Chapter 3 - A Changing Role

(Part 1)

The Post-War Carriers

After the end of World War II, the Royal Navy disposed of its escort carriers. For a time, however, it did keep most of the fleet carriers which were constructed during 1944 and 1945. The majority of these were of the Colossus and Majestic-classes. By the late 1950's even these had been disposed of. Several were transferred to other Allied nations, including the HMS Colossus (to France); the HMS Terrible, HMS Vengeance, and HMS Majestic (to Australia); the HMS Magnificent and HMS Powerful (to Canada); the HMS Venerable (to the Netherlands); the HMS Hercules (to India); and the HMS Warrior (to Argentina). During the 1950's, the Royal Navy did commission several larger carriers, which stayed in service through the late 1970's and early 1980's. Among these were the third HMS Ark Royal and the third HMS Hermes.

HMS Colossus
While Great Britain disposed of many of its wartime Colossus and . . .

HMS Terrible
. . . Terrible class carriers to Allied nations, . . .

HMS Malta
. . . it commissioned new carriers of the Malta . . .

HMS Centaur
. . . and Centaur classes

France acquired the light carriers USS Langley and USS Belleau Wood in the early 1950's and rechristened them the Lafayette and Bois Belleau, respectively. These two carriers served for about ten years, until they were replaced by the French-built carriers Clemenceau and Foch. Among their actions, the Lafayette and Bois Belleau provided air support for the unsuccessful French attempts to hold Indo-China from communist takeover. Spain acquired the light carrier USS Cabot, which served as the Dedalo until 1985.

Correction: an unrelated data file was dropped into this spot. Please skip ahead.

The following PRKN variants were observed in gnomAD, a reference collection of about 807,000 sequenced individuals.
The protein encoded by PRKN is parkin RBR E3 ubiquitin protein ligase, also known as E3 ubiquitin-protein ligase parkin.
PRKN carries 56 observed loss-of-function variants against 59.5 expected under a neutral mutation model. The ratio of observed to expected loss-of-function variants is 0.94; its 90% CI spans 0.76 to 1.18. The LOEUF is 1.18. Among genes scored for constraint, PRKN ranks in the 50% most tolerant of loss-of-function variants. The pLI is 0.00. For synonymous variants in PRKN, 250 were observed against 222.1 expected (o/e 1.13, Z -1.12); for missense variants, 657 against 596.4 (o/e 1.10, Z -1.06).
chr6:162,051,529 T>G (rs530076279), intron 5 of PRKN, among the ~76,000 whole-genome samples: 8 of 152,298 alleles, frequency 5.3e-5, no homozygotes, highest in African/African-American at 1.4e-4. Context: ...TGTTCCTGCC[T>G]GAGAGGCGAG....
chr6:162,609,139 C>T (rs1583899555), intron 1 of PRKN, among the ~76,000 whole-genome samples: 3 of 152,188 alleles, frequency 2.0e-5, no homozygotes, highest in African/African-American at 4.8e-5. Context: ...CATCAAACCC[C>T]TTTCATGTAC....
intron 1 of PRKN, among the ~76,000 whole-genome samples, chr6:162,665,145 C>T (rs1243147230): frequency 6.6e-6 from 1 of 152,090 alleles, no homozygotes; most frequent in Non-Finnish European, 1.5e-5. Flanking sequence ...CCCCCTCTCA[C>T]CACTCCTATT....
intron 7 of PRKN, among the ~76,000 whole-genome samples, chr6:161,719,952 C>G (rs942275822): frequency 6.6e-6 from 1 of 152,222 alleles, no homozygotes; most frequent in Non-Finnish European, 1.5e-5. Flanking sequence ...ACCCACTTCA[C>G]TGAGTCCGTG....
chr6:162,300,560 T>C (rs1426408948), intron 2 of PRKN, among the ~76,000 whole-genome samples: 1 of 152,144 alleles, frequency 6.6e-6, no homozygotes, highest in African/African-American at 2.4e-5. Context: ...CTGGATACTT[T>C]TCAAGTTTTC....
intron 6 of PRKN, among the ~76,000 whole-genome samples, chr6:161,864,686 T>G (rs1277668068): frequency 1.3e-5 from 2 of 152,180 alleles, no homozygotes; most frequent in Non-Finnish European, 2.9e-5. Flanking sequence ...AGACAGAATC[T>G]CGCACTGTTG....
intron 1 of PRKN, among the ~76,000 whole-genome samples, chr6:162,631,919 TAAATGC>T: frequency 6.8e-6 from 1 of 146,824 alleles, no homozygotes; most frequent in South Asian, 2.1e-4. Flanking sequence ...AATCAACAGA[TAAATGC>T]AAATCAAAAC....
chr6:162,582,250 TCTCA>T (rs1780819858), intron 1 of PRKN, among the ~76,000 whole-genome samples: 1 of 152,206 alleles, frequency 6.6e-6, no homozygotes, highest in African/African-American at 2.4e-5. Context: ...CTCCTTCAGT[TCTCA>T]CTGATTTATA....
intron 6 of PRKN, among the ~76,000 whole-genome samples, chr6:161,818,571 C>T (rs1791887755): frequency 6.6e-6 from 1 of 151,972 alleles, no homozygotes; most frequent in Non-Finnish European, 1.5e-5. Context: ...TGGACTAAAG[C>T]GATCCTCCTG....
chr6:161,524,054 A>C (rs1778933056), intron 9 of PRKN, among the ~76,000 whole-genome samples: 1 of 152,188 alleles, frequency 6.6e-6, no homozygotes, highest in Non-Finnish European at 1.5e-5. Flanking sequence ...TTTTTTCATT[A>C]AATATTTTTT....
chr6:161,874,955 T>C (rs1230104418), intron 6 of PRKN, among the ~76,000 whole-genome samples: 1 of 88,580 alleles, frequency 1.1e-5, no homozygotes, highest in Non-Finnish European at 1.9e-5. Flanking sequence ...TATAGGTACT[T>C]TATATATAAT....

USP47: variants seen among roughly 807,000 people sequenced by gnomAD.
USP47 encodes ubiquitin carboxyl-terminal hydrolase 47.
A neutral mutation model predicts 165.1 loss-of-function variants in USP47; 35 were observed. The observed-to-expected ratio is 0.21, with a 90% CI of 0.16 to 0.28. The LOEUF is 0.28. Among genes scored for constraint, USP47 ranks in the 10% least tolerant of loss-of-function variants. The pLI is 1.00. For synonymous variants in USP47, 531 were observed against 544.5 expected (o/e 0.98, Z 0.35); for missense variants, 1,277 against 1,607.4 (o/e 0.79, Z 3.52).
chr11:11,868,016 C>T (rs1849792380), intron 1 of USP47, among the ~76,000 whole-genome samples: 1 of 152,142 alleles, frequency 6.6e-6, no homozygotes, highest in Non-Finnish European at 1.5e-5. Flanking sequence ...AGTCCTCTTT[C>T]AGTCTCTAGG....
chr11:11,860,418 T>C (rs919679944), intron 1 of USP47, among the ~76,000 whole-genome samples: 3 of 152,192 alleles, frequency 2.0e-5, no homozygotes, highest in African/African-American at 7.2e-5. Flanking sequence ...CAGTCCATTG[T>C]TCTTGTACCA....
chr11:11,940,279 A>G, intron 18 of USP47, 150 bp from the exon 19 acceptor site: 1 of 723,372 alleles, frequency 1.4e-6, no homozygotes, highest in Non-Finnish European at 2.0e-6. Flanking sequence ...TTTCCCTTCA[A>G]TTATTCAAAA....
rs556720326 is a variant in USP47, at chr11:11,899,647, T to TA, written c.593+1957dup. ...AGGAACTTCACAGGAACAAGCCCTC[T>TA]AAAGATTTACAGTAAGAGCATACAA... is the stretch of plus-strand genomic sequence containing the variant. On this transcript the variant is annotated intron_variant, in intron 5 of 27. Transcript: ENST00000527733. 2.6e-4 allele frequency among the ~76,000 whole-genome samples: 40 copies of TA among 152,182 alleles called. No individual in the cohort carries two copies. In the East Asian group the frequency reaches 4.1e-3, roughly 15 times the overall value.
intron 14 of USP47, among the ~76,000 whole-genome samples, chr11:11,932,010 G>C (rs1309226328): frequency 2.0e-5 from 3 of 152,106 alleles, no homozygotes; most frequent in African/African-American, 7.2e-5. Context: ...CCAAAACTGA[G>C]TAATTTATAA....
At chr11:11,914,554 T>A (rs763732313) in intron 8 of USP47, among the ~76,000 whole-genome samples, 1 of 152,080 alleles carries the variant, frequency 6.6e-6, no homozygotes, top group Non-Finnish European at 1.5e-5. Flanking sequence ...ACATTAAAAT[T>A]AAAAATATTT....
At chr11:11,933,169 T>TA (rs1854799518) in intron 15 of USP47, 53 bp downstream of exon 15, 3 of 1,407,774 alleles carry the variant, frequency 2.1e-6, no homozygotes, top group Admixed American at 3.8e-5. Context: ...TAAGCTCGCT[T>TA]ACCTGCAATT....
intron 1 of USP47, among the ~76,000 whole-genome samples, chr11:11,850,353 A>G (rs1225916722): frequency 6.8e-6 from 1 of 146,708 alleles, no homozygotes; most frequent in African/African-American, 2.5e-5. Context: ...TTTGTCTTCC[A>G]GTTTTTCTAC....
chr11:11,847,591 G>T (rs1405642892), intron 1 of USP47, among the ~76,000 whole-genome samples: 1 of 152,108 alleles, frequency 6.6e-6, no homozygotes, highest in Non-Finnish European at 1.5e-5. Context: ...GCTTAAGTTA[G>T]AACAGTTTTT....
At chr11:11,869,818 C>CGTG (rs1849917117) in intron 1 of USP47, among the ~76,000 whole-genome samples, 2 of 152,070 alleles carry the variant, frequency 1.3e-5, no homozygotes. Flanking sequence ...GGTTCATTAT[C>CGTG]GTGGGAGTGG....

The French post-war carrier Clemenceau

In the United States, three large carriers were commissioned shortly after the end of World War II. These were the USS Midway, USS Franklin D. Roosevelt, and USS Coral Sea. However, public policy had turned against the Navy. With the Japanese, German, and Italian fleets destroyed and the age of the atomic bomb approaching, the need for a strong Navy was seriously questioned. The newly-organized Air Force felt that its strategic bombers could defeat any potential enemy, supported (if necessary) by Army forces to finish the job. The Truman administration supported this view, and within three years of the end of World War II, the total number of naval warships declined from 1,194 to 267. Carrier forces were reduced from 98 to 15. Plans for a super carrier, the USS United States, capable of carrying strategic bombers were scrapped in 1949 after fierce opposition from the Air Force, which has pushing for construction of its B-36 strategic bomber.

USS Midway
Although the United States commissioned three
large Midway-class carriers after the War, . . .

USS United States
. . . the even larger USS United States CV-58
was canceled after fierce political opposition from
the newly-formed Air Force.

Although few advancements were made in carrier design until after the Korean War, the post-World War II period saw many advances in the design of carrier aircraft. The most significant was the introduction of jet power. The McDonnell FH-1 Phantom became the Navy's first operational jet aircraft in 1947. Over the next ten years, more than 20 jet aircraft designs were tested for carrier use, and 12 of these actually became operational.

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Last Updated: January 1, 2003